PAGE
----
Police want a feature of the mobile App, Waze, disabled


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Screenshot by Ocala Post

In light of the recent ambush attacks on law enforcement, the National Sheriffs’ Association (NSA) is concerned that those who have grievances with law enforcement could use the App known as ‘Waze’ to plan or carry out an attack.

The Waze App is a way drivers can get alerted before they approach police, accidents, road hazards, traffic jams, or detours and the information is all shared by other drivers in real-time. It’s like a personal heads-up from a few million drivers on the road. It’s a real-time GPS on steroids, and most say it is more accurate than a Garmin.

Sheriffs are concerned with the ability of Google’s App, Waze, to locate law enforcement by using the crowd sourcing feature to report an officer’s location.


“While officer safety is paramount and our major concern, we are also concerned this app will have a negative effect on saving lives and with public safety activities,” said John Thompson, NSA Deputy Executive Director. The ability for individual or organized crime to track law enforcement puts every community they protect at risk! If the bad guy knows where law enforcement is all the time, it makes it much easier for them to carry out their illegal activities.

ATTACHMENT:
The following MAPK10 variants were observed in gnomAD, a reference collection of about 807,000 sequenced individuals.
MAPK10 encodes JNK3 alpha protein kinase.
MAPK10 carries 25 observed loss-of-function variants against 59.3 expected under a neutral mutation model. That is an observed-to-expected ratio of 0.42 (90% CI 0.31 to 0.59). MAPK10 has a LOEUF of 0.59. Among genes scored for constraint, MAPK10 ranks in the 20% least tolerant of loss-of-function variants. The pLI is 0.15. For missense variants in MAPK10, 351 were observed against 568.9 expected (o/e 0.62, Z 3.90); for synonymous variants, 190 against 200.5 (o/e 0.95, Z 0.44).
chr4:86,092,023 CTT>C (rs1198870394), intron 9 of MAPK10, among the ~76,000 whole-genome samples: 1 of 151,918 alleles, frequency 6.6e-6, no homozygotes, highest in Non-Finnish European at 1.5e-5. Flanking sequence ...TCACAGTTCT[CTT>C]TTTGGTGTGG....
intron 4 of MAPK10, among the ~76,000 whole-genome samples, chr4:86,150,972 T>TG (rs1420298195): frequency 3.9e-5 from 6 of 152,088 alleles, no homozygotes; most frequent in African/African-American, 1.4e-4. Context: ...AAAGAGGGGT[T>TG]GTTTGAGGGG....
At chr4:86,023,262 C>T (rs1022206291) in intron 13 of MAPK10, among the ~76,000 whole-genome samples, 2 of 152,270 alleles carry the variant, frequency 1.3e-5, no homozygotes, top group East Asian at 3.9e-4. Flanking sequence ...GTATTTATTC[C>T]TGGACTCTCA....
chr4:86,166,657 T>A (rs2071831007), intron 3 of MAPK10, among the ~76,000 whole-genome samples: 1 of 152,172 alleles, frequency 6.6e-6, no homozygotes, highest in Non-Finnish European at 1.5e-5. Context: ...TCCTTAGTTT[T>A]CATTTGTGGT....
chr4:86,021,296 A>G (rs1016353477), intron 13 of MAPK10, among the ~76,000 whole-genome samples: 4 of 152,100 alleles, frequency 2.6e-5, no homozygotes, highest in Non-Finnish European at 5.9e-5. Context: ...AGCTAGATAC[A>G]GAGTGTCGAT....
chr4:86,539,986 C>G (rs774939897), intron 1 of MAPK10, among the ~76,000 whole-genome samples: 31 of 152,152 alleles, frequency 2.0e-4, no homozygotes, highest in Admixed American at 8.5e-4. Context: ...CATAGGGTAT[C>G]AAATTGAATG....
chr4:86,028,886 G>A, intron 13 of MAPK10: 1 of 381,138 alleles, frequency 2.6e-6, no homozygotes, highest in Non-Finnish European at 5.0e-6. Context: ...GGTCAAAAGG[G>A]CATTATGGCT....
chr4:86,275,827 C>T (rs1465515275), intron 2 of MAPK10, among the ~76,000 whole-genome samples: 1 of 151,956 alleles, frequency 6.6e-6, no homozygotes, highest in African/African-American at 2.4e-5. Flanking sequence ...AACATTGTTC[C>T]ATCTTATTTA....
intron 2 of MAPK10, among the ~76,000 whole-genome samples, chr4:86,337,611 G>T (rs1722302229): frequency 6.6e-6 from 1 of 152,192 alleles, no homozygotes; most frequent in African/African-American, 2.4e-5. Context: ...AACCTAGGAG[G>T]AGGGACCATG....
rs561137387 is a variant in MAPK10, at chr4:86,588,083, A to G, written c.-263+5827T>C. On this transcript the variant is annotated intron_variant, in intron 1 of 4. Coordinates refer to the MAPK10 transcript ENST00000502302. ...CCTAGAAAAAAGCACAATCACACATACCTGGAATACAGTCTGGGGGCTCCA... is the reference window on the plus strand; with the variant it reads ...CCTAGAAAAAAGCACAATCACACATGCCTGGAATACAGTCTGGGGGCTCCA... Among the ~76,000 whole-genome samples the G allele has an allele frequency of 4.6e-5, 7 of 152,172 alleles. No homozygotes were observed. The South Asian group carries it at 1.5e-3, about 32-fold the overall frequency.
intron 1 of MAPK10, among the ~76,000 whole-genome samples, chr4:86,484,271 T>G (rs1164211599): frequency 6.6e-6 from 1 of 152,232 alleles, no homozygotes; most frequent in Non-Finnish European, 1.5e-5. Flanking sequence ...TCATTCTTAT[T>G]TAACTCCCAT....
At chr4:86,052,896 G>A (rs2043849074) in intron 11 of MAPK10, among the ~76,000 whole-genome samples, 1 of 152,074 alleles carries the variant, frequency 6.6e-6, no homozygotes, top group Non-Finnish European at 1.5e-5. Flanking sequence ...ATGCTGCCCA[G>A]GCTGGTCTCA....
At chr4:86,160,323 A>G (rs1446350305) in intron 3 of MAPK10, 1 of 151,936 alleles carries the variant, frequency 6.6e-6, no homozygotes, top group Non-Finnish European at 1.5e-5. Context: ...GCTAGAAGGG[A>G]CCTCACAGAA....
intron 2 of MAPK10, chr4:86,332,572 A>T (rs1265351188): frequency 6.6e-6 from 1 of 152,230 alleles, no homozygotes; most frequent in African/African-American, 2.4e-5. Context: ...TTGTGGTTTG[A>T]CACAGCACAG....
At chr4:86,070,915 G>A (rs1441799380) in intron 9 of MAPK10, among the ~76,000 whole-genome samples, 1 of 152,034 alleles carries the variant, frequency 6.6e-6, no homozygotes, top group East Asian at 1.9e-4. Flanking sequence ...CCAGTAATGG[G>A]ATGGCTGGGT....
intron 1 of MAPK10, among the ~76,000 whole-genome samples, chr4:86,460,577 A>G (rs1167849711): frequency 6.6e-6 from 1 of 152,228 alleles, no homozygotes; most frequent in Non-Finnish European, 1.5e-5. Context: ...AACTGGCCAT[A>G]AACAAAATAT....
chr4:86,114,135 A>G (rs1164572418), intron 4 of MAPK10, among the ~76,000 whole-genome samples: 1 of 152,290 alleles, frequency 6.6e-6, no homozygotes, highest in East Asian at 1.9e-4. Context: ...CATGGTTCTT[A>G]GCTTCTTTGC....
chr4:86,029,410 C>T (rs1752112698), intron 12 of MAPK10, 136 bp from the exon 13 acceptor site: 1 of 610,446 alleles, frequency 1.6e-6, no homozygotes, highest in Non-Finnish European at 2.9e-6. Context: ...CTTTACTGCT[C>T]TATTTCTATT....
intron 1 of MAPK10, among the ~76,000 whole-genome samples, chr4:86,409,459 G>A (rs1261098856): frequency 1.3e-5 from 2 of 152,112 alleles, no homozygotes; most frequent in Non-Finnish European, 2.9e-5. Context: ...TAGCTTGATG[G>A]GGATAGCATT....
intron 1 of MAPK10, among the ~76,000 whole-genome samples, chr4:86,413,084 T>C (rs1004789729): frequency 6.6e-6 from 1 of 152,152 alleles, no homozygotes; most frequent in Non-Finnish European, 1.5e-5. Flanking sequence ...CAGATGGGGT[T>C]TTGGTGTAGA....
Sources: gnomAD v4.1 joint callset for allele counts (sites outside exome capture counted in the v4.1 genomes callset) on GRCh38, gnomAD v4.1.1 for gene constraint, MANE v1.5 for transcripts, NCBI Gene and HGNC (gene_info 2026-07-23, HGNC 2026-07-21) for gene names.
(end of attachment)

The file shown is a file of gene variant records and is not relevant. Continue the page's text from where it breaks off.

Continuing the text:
Officials said, “Highway deaths claim more than 30,000 lives each year. The use of radar and other speed reducing activities have helped make a substantial reduction in these numbers. This app will hamper those activities by locating law enforcement officers and puts the public at risk.”

The NSA leadership has requested a meeting with Google to see what can be done to disable this feature in the App. Sheriff Michael J. Brown, Bedford County, Virginia remarked, “The police community needs to coordinate an effort to have the owner, Google, act like the responsible corporate citizen they have always been and remove this feature from the application even before any litigation or statutory action.” NSA hopes to sit down with Google soon to discuss the concern we have with the App.

Drivers who use the App say law enforcement officials are paranoid. Also, most drivers that utilize the App say they tend to driver safer while using Waze.

Many have turned to social media, accusing law enforcement of being angry because of their drop in revenue that is derived from speeding tickets, which the App helps drivers avoid.

Developers said that law enforcement officials do not have any data that supports their theory.

In a statement, Google said they do not have any plans, at this time, to disable the feature.

Other mobile App developers have stated that if Google does disable the feature, there are many others that could take its place.

Google estimates that Waze is currently used by more than 50 million drivers, including other police officers.